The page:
Manoa Falls is an easy hike through lush tropical rainforests in Manoa Valley. It’s one of the few reliable waterfall hikes on the island of Oahu and also a popular one. It can be muddy and mosquitos can be a problem, so come prepared!
For more information about hiking throughout the State, visit Na Ala Hele. This is a government site and discusses only State sanctioned trails. There are many trails, like the Lanikai Pillbox, that aren’t listed. If you decide to go on these trails be aware… Some are illegal to hike on like the Haiku Stairway/Stairway to Heaven. And always check the weather. Flash flooding is very common, especially on waterfall hikes.
Remember how I mentioned Oahu Railway earlier? Well part of the line still exists today and operates as part of the Hawaiian Railway Society, a non-profit organization dedicated to preserving and restoring Oahu’s railroad history. Rides are offered every Saturday at 3pm and Sundays at 1pm and 3pm.
Rides are 90 minutes, departing from the organization’s museum in Ewa on a roundtrip that takes you out to Kahe point a little past Ko Olina Resort and are operated by former Oahu Railway diesel switchers. $12 for adults, $8 for children & seniors. Proceeds go to the society’s restoration & preservation work.
If you want to see what life was like during Hawaii’s storied plantation era, then the best place to experience this is the Hawaii Plantation Village in Waipahu. Here you can see and even experience what life was like back in the plantation days, with guided tours that take you through re-created dwellings representing each of Hawaii’s ethnic backgrounds. General admission is $13 and the museum is open Monday thru Saturday.
One site almost everyone visits when traveling to Oahu is the USS Arizona Memorial. It is undoubtedly a must visit site on Oahu, but the area is so much more than that. Collectively the areas is known as the Pearl Harbor Historic Sites, which includes the Battleship Missouri Memorial, the USS Bowfin Submarine Museum and the Pacific Aviation Museum in addition to the Arizona. All of these sites have various admission fees with the exception of the Arizona. Admission to the Arizona is free, so don’t let anyone tell you otherwise. Package deals are also available for all the other sites.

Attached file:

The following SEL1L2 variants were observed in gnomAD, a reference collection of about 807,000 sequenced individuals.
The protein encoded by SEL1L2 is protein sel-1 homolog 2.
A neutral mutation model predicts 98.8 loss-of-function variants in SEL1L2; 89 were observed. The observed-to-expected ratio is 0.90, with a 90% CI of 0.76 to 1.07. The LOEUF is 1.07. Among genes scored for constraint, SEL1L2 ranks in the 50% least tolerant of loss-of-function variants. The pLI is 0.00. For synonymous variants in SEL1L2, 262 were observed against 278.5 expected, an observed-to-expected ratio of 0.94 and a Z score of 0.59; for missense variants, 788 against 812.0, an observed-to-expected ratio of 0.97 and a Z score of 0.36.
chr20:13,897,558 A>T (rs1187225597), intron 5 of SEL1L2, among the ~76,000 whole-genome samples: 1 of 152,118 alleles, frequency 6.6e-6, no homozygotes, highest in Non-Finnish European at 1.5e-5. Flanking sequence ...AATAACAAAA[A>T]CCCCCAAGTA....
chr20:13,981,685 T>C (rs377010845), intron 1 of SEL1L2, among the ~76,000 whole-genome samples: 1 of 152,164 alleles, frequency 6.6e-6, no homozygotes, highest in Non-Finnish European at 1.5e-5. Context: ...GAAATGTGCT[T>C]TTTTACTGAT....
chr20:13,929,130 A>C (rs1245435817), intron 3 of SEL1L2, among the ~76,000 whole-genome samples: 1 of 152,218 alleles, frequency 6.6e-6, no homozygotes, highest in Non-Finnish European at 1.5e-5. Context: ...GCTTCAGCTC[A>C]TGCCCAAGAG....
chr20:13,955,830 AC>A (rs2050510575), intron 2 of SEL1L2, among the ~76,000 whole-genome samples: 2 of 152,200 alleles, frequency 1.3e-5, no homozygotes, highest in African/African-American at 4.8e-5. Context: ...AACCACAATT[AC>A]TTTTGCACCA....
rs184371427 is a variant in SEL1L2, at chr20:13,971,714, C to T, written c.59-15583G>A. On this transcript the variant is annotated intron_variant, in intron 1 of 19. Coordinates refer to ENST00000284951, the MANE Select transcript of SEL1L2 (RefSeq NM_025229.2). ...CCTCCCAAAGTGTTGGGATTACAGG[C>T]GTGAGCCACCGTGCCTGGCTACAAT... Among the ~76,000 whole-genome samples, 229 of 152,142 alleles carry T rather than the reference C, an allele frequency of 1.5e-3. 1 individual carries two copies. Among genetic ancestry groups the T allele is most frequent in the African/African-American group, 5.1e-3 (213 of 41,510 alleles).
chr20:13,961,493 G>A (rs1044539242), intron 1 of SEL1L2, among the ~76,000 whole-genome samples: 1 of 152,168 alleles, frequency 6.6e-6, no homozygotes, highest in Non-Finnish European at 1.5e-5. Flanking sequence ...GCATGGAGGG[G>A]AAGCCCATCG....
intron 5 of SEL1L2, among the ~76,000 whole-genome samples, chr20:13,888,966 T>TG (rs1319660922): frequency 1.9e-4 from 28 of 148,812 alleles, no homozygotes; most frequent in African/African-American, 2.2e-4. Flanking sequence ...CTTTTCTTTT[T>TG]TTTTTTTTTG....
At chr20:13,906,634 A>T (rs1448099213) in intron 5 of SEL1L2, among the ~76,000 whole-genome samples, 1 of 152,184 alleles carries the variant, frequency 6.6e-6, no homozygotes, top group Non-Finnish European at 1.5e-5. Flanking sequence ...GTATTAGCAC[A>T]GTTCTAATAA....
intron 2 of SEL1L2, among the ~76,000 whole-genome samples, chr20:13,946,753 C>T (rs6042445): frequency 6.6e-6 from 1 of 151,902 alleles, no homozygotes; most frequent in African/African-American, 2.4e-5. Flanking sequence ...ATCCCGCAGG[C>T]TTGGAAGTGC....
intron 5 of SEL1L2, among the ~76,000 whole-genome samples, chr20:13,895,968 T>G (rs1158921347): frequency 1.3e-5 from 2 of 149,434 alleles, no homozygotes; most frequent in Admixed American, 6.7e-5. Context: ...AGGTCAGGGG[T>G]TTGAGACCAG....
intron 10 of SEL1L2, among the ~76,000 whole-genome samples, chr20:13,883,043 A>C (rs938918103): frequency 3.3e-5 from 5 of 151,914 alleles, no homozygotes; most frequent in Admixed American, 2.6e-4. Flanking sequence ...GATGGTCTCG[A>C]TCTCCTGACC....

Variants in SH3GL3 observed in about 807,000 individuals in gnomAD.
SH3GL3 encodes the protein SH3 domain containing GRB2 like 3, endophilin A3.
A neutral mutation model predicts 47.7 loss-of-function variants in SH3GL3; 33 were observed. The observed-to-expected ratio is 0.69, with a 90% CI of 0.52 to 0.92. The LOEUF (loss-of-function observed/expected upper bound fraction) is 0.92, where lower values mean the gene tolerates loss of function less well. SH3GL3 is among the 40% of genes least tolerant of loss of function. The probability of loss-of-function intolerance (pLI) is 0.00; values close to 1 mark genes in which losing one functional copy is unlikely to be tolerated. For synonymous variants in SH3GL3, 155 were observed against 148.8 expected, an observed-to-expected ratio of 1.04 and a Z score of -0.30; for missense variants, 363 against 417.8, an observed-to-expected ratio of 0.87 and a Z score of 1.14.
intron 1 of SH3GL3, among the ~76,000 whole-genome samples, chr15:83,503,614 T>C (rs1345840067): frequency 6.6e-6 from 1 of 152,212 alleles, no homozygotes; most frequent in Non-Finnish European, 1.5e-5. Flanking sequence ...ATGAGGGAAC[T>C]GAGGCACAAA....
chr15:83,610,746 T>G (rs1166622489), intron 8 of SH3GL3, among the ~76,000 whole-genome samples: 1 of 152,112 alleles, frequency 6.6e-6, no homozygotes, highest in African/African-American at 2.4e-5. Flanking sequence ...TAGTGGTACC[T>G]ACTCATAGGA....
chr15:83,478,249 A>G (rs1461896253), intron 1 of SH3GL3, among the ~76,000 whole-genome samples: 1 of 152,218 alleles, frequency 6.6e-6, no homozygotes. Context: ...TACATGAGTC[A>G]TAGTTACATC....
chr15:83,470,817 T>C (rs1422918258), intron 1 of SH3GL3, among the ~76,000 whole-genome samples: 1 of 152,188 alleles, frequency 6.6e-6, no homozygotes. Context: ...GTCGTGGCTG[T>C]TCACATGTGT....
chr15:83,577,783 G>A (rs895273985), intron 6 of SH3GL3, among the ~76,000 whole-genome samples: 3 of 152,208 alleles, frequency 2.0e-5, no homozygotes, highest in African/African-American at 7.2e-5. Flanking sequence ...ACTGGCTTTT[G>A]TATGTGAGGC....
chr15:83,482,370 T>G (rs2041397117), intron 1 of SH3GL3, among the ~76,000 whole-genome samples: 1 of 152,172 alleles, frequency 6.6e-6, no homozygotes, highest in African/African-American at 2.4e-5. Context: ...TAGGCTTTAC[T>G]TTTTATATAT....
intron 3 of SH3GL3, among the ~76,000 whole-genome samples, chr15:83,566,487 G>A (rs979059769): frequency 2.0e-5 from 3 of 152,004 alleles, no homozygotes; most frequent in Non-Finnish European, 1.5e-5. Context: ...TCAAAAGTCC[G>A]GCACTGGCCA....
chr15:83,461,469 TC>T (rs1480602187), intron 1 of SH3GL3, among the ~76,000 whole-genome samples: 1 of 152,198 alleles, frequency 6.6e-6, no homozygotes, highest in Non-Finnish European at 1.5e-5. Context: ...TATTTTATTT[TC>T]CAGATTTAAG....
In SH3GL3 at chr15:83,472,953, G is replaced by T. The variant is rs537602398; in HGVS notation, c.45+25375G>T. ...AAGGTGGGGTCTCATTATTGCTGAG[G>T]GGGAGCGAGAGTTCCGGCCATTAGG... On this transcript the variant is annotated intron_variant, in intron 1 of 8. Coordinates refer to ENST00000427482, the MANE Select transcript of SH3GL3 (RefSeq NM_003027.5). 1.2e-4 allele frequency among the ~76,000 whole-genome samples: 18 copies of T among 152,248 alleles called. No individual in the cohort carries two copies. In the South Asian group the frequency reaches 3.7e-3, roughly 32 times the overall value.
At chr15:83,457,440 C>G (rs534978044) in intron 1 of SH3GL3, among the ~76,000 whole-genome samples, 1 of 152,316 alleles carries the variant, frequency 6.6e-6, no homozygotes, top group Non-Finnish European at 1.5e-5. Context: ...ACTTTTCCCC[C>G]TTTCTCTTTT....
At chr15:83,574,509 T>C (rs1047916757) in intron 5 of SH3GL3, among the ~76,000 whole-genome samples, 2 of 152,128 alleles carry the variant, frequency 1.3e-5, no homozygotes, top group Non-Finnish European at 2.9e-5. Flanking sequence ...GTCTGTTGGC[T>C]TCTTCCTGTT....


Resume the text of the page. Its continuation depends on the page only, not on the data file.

Of course what trip out to the North Shore would be complete without a pit stop at the Dole Plantation? Dole Whip, gifts and more!
Luaus and Sealife
If you’re looking for a Luau experience, then there’s 2 on Oahu that are quite popular. The first is the Paradise Cove Luau out in Ko Olina Resort and the second, and by far the highest rates is the Chiefs Luau at SeaLife Park (formerly the Fia Fia Show in Ko Olina).
Since we’re on the subject, SeaLife Park is another great attraction in itself with numerous displays, shows and even dolphin, stingray, sea lion and shark encounters. Dolphin Quest at the Kahala Hotel also offers dolphin encounters in the resort’s private lagoon. Of course you can get a more real experience with with the handful of companies like Dolphin Excursions, which takes guests out to sea to see and swim with Hawaiian Spinner Dolphins. For a more cost effective underwater adventure, you could also admire all the reef fish at Hanauma Bay.
For the Movie lovers
Movie buffs or those looking for more adventurous activities will want to pay Kualoa Ranch a visit to see filming sites for movies like Jurassic Park or participate in other activities like horseback and ATV rides. Gunstock Ranch is another great place for horseback riding. If those activities still aren’t exciting enough, you could also do a zipline tour at Keana Farms on Oahu’s North Shore. And for even higher adrenaline levels, you could go skydiving with Skydive Hawaii or go on a shark diving tour.
For the Foodies
If you’re like Jeff and you like to cook or just have an interest in food, Naked Cow Dairy on Oahu’s Waianae Coast offers farm tours with packages offering basic tastings to full hands-on milking with cheese & butter making classes. Closer to Waikiki Cook Space Hawaii offers various classes depending on the guest chef. Kapiolani Community College, with it’s famed culinary arts program, also offers non-credited, single session courses for about $75 each. For something cheaper, you could visit Frankies Nursery in Windward Oahu to see an enormous variety of tropical fruit trees, and if you’re lucky, maybe have a chance to buy a taste some.
For the shopaholics out there, there are many places to shop at:
- Ala Moana Center: Hawaii’s largest mall
- Royal Hawaiian Center: In the heart of Waikiki
- Ward Village Shops
- T Galleria Waikiki: lot’s of great uniquely Hawaii food gifts
- Aloha Stadium Swap Meet: crafts and unique items
- Kahala Mall
- Windward Mall
- Pearlridge Center
Spas on Oahu
You’re on vacation… why not pamper yourself to help unwind? My favorite spa is unquestionably Laniwai at Disney’s Aulani, but I haven’t been to many spas either (see my Laniwai review here: Laniwai – Marriott Rewars Insiders). Other popular ones locally are:
- Spa Halekulani at the Halekulani Hotel
- Moana Lani Spa at the Westin Moana Surfrider
- Spa Honolulu at The Modern Honolulu (formerly The Edition Waikiki)
- The Spa at Trump Waikiki
- Na Ho’ola Spa at the Hyatt Regency Waikiki
- Ho’ala Spa
There’s actually much more to do and see on Oahu, but the above are what come to mind at the moment. Oh and be sure to check Groupon, LivingSocial, Amazon Local, etc. for some deals. Lately there have been quite a few deals for dolphin tours. Next up I’ll be discussing where to eat on Oahu, so stay tuned!
Note from Jeff: Thanks Kyle for the great local perspective on what to do on Oahu. These incredible photos really make me wish I was already on Oahu. Looking forward to even more great posts. I have no idea how we’ll fit all of this in, but hopefully readers find it useful. See you in a few months!